Pubdate: Tue, 23 Feb 1999
Source: Bangor Daily News (ME)
Copyright: 1999, Bangor Daily News Inc.


WASHINGTON - The U.S. Supreme Court on Monday let stand two
requirements for people who circulate voter initiative petitions in

The justices, without comment, refused to review a ruling by Maine's
highest court that had upheld requirements that people who circulate
voter initiative petitions be registered to vote in Maine and be legal
residents of the state.

The U.S. Supreme Court struck down similar requirements imposed by
Colorado just last month.

In its Jan. 12 ruling, the court limited state regulation of voter
initiatives by striking down as "excessively restrictive of political
speech" several methods Colorado used to police such measures.

The court specifically said, among other things, states may not
require people who circulate petitions to be registered voters.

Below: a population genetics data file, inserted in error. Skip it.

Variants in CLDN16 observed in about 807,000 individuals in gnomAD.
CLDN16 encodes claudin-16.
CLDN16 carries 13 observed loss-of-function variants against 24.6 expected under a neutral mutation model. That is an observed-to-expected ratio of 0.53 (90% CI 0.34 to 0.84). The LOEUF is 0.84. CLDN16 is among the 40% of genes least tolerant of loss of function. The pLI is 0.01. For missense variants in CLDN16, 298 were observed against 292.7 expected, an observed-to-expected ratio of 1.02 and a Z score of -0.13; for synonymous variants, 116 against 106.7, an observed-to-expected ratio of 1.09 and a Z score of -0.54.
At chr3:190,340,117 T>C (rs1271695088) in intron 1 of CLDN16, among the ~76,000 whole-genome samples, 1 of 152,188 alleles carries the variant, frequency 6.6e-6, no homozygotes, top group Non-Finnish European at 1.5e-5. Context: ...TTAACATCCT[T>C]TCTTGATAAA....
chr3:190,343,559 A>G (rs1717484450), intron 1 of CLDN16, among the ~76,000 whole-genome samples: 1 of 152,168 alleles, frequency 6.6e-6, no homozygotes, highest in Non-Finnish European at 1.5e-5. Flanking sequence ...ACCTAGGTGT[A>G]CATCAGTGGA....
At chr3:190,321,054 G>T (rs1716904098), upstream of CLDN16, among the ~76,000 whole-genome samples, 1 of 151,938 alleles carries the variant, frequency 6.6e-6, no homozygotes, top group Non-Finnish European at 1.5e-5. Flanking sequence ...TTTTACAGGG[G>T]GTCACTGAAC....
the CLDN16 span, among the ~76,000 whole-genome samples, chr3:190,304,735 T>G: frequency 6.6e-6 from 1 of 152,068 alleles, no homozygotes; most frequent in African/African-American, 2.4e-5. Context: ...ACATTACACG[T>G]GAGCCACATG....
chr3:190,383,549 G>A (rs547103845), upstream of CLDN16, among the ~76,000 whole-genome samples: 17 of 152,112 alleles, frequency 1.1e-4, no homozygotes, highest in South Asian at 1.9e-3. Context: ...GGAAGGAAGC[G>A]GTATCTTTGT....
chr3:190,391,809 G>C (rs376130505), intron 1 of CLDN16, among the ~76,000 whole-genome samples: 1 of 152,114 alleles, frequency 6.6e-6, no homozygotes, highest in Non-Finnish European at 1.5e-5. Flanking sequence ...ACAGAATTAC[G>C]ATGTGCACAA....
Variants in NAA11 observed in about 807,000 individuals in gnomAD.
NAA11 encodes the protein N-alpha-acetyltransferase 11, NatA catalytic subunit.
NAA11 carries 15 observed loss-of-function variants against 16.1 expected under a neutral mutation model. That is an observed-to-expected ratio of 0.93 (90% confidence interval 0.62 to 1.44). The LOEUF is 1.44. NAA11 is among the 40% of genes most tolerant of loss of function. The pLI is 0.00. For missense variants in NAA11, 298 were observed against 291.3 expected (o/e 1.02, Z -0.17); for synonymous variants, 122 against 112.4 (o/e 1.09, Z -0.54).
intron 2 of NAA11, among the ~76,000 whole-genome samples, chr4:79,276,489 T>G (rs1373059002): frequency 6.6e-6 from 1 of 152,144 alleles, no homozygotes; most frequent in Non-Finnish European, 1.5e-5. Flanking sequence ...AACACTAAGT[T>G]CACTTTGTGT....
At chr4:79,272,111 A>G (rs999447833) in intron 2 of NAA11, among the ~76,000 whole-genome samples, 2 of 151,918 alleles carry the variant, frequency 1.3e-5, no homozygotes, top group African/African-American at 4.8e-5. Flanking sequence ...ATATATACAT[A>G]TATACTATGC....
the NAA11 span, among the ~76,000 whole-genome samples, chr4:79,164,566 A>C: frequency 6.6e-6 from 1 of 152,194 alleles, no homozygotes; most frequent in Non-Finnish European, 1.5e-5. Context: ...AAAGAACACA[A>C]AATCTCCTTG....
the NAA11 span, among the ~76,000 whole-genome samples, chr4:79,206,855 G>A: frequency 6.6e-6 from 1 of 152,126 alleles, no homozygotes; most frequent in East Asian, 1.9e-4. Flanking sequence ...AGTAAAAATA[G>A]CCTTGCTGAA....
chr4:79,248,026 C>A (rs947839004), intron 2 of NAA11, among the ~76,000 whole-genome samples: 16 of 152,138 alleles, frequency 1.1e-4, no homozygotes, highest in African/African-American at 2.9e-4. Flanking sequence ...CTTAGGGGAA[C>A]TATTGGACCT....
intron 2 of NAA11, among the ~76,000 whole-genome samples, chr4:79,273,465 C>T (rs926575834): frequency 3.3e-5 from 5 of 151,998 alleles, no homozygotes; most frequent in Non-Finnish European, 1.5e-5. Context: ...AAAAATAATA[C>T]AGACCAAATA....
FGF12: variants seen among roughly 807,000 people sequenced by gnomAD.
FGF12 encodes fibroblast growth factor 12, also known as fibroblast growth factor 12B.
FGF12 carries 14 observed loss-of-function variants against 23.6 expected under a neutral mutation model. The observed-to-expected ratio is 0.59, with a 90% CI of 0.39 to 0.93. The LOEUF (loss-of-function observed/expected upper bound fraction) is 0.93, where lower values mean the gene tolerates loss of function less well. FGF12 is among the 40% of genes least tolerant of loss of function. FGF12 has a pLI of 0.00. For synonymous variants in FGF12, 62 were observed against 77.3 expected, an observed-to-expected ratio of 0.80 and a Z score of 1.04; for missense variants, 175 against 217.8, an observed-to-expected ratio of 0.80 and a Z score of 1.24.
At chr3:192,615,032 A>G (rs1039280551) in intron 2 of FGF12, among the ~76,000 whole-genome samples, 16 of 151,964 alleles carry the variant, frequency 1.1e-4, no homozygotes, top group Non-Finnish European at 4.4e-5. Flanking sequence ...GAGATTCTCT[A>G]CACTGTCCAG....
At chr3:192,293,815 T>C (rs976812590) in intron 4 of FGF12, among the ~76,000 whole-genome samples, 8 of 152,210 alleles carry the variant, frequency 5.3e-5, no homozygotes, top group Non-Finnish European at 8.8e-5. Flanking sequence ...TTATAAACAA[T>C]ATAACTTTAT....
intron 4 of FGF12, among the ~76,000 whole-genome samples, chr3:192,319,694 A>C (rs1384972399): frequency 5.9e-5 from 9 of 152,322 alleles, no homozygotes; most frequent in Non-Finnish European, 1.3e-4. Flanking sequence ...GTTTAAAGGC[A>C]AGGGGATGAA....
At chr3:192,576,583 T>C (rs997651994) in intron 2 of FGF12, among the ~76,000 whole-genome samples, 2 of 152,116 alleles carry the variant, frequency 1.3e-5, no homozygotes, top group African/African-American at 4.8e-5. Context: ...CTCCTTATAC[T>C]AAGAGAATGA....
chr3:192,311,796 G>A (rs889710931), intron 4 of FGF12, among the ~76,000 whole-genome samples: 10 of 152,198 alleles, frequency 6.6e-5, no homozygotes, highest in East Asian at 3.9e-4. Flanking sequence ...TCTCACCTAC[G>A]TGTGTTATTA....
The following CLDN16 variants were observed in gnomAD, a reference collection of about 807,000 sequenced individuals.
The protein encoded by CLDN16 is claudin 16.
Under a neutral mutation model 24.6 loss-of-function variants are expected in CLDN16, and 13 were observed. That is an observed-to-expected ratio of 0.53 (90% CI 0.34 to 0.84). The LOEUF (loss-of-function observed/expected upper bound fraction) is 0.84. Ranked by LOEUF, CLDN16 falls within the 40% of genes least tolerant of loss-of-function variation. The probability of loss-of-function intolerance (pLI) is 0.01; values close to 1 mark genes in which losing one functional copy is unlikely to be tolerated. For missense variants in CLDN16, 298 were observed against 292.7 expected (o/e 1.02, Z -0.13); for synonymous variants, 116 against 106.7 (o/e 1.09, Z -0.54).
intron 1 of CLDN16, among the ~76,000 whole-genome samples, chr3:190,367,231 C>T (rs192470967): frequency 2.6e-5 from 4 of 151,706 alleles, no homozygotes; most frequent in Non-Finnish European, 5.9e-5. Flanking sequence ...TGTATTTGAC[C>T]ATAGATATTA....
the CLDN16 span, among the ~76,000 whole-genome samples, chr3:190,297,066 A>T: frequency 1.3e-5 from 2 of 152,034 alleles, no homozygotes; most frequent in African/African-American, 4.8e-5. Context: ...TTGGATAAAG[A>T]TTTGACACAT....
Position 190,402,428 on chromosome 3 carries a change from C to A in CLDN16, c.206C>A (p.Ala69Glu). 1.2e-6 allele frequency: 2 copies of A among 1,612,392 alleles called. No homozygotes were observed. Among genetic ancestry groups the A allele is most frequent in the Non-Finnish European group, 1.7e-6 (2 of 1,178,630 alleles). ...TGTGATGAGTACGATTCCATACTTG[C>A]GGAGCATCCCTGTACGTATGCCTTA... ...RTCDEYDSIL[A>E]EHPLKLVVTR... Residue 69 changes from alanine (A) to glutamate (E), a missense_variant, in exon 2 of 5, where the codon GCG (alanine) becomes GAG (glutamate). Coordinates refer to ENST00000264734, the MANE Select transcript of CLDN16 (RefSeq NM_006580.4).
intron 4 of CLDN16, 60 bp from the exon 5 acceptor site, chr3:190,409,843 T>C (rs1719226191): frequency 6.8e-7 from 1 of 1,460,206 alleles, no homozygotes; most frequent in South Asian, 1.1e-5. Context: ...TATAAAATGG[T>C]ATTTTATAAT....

Mainers for Medical Rights sued a year ago after Secretary of State
Dan Gwadosky ruled it had not filed enough valid signatures to get a
proposal to legalize marijuana for medical purposes on the ballot.

Gwadosky ruled that a second attempt reached the threshold level for
the issue to be put on the ballot in 1999.

James Kilbreth, a lawyer for Mainers for Medical Rights, said Monday
he believed the U.S. Supreme Court chose not to rule because the issue
was rendered moot when the advocacy group got enough petitions.

"We thought it was clear in the Colorado case that one of the
principal restrictions that we were challenging was held to be
unconstitutional," he said Monday of the voter registration
requirement. "That should have led the court to strike down the same
provisions in Maine."

Maine Solicitor Peter Brann said the rulings from the U.S. Supreme
Court were not necessarily contradictory. He noted that the court can
refuse to review cases for a number of reasons.

Therefore, a decision from the Maine supreme court that upheld
requirements that circulators of initiative petitions be residents and
registered voters stands for now, he said.
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